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Stabat Mater by Arvo Pärt

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Stabat Mater by Arvo Pärt

When Arvo Pärt sets words to music, he gives the impression of having entered into the depths of his chosen text and returned to the surface with an entirely fresh impression of what it's all about. This is certainly true of his “Stabat Mater,” and yet the result is to reaffirm the traditional significance of the text and to place the work securely in the long line of settings that includes those of Josquin Desprez, Lassus, and Palestrina, and in modern times Poulenc and Penderecki. Pärt achieves this partly by the purity and simplicity of his musical language, and partly by the way in which he draws such powerfully expressive music directly out of the rhythms and forms of the text, so that it almost seems as if the words have composed the music.

Stabat Mater by Arvo Pärt

Arvo Pärt was born in Estonia in 1935. Most of the works at the beginning of his career were for piano in the neo-classical style. After that, he turned his interest to serial music and continued creating works with serial techniques throughout the 1960s. After his “self-imposed silence” period (during the years 1968-1976), Pärt emerged with a new musical style, which he called “tintinnabuli.” Although, this technique was influenced by music from the medieval period, the texture and function of its musical style cannot be described easily in terms of any single musical technique of the past.

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Arvo Pärt

 

Tintinnabuli comes from the latin word ‘tintinnabulum’ which translates to ‘bell’ (you may recognize the word from Edgar Allen Poe’s poem “The Bells,” in which he coined the word “tintinnabulation”). When a bell is struck, we hear an initial single tone but then we also begin to hear the overtones emanating from the initial tone. “The tintinnabuli method,” writer Arthur Lubow explains in a 2010 article for The New York Time Magazine, “pairs each note of the melody with a note that comes from a harmonizing chord, so they ring together with bell-like resonance.” Specifically, Pärt is concerned with triads and diatonic melodies, heavily influenced by the sound of Gregorian chant and the Notre Dame School (which refers to a group of composers working between the mid 12th and 13th centuries). To our contemporary ears, it is a relatively simple music, evocative (as you would imagine) of dark, incense-filled abbeys.

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Arvo Pärt - Stabat Mater

 

“Stabat Mater” was composed in 1985 when Pärt got a commission by the Alban Berg Foundation. The title is a similar name to the medieval sequence that was attributed to Jacopone da Todi (c. 1230-1306), a Franciscan monk. There are two hymns in Stabat Mater, which are ‘Stabat Mater Dolorosa’ and ‘Stabat Mater Speciosa.’ Stabat Mater Dolorosa, which means “sorrowfully his mother stood” in Latin, reflects Mary’s suffering during Jesus Christ’s crucifixion. Wright suggests that Pärt’s version of Stabat Mater text is very similar to the version of Palestrina. This is probably because Pärt may have known the Palestrina’s setting when he studied pre-Baroque music during the 1970s.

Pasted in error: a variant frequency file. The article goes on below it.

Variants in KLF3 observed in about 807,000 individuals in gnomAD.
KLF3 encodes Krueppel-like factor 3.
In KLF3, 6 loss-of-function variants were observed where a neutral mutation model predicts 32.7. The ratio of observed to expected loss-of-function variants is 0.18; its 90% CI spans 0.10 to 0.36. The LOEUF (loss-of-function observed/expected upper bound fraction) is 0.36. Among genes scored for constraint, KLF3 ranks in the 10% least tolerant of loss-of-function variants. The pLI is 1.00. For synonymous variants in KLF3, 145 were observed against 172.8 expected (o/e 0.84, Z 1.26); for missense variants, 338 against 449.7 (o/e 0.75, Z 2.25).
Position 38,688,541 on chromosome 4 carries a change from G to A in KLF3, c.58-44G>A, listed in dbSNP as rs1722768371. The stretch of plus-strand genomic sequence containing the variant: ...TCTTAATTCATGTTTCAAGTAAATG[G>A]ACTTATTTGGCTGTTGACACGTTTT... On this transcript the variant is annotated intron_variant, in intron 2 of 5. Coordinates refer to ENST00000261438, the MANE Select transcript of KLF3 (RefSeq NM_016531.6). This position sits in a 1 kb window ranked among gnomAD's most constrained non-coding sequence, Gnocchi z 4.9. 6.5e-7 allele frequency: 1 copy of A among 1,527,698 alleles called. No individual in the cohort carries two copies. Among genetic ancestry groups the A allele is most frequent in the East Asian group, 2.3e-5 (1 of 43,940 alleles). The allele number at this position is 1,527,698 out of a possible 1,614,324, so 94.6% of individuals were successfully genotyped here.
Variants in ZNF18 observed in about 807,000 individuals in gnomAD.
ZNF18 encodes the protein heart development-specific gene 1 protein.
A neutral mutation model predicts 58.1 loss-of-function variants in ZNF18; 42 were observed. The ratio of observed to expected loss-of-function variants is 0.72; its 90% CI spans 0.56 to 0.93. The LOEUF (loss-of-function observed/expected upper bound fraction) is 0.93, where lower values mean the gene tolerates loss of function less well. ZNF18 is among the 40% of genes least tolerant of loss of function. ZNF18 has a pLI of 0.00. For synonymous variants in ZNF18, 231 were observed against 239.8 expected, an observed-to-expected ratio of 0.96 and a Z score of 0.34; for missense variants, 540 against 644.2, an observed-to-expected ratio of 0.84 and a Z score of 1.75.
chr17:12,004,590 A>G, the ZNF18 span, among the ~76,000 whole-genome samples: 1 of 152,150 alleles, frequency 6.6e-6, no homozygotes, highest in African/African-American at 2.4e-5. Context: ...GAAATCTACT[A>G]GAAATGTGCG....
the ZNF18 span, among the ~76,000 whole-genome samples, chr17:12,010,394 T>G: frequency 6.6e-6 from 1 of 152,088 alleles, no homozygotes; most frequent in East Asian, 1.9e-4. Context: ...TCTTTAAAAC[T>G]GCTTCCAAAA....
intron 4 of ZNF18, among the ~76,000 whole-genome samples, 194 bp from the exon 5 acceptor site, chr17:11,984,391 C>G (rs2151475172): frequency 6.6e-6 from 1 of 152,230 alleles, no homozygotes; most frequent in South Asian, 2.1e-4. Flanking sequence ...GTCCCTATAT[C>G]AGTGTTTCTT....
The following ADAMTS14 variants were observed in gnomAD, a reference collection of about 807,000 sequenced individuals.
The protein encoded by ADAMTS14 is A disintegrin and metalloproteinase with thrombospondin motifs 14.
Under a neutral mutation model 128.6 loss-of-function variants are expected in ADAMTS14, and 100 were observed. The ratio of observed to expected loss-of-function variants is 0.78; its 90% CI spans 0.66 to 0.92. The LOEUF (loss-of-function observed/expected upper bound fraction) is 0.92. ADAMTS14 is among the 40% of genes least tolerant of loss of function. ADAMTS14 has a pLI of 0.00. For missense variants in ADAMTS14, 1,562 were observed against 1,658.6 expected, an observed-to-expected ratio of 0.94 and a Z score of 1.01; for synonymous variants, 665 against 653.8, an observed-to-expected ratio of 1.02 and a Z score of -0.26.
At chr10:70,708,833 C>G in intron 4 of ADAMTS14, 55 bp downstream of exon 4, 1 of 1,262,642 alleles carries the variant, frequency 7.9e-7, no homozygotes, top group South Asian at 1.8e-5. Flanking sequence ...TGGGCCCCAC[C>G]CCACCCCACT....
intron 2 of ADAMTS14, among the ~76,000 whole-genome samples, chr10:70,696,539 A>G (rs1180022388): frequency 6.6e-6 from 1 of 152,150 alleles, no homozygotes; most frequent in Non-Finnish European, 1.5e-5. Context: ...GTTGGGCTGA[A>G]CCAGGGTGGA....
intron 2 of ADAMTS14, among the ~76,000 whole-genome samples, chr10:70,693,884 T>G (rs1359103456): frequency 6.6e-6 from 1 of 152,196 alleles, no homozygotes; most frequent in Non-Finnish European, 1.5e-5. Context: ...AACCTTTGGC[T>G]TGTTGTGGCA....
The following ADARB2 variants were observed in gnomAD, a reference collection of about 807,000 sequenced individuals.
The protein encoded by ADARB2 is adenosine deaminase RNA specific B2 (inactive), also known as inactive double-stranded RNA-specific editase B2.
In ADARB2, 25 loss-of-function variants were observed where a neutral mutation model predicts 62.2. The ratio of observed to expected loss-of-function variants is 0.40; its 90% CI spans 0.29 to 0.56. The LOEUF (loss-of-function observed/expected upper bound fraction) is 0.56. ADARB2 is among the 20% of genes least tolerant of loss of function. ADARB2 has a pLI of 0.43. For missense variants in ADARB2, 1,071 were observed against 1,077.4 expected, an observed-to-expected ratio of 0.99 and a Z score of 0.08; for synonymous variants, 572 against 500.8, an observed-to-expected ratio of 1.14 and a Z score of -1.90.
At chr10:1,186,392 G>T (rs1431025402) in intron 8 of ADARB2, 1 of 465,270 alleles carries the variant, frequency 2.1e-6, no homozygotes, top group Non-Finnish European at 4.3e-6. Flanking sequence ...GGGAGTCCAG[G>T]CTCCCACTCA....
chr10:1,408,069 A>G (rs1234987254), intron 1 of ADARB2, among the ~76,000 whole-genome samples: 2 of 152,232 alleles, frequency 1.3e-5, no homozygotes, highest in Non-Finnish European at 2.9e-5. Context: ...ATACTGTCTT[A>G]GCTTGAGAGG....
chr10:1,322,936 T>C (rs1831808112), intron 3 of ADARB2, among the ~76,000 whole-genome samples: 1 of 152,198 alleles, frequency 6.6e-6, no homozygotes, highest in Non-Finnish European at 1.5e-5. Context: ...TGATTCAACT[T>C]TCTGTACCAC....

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Arvo Pärt - Stabat Mater (Quator Franz Joseph)

 

A pathetic motif of three descending notes is elaborated instrumentally and vocally. The text is sung in a slow recitative and the sparse, open texture of the vocal lines is paralleled by the string parts, heightening the pain and anxiety of the text. The predominant slow motion is interrupted three times by short fast gigs. In the "Amen" at the end the motif from the beginning returns. The Stabat Mater is, in many ways, a realization of the composer’s goal to find “a musical line that is a carrier of the soul, an absolute monody, a naked voice from which everything originates.”

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Stabat Mater

 

This work differs from Pärt’s other music that uses sacred texts because other works are set up for choir; however, Stabat Mater was composed for string trio and solo voices (soprano, contratenor (alto), and tenor). This instrumentation suggests a similar sound to chamber music. It has a duration of approximately 24 minutes. A version with expanded forces (mixed chorus and orchestra) was premiered on 12 June 2008 at the Großer Musikvereinssaal during the Wiener Festwochen 2008 with Kristjan Järvi conducting the Singverein der Gesellschaft der Musikfreunde in Wien and the Tonkünstler-Orchester Niederösterreich. This new version was commissioned by the Tonkünstler-Orchester.

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Arvo Pärt - Stabat Mater (Goeyvaerts String Trio)

 

Stabat Mater could be described as Pärt’s greatest hit. The orchestra and choir work together in this commemoration of the Virgin Mary’s suffering on witnessing the death of her son. The low mournful sound of the music is abruptly joined by a high keening vocal lament. In the end, one doesn't hear the music as part of the tintinnabuli method or as the product of a system of composition, but rather as lovely, simple music whose magnetic appeal is undeniable.

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Stabat Mater

 

 

 

Arvo Pärt - Stabat Mater: Part I

Last Updated (Tuesday, 30 October 2018 00:23)

 

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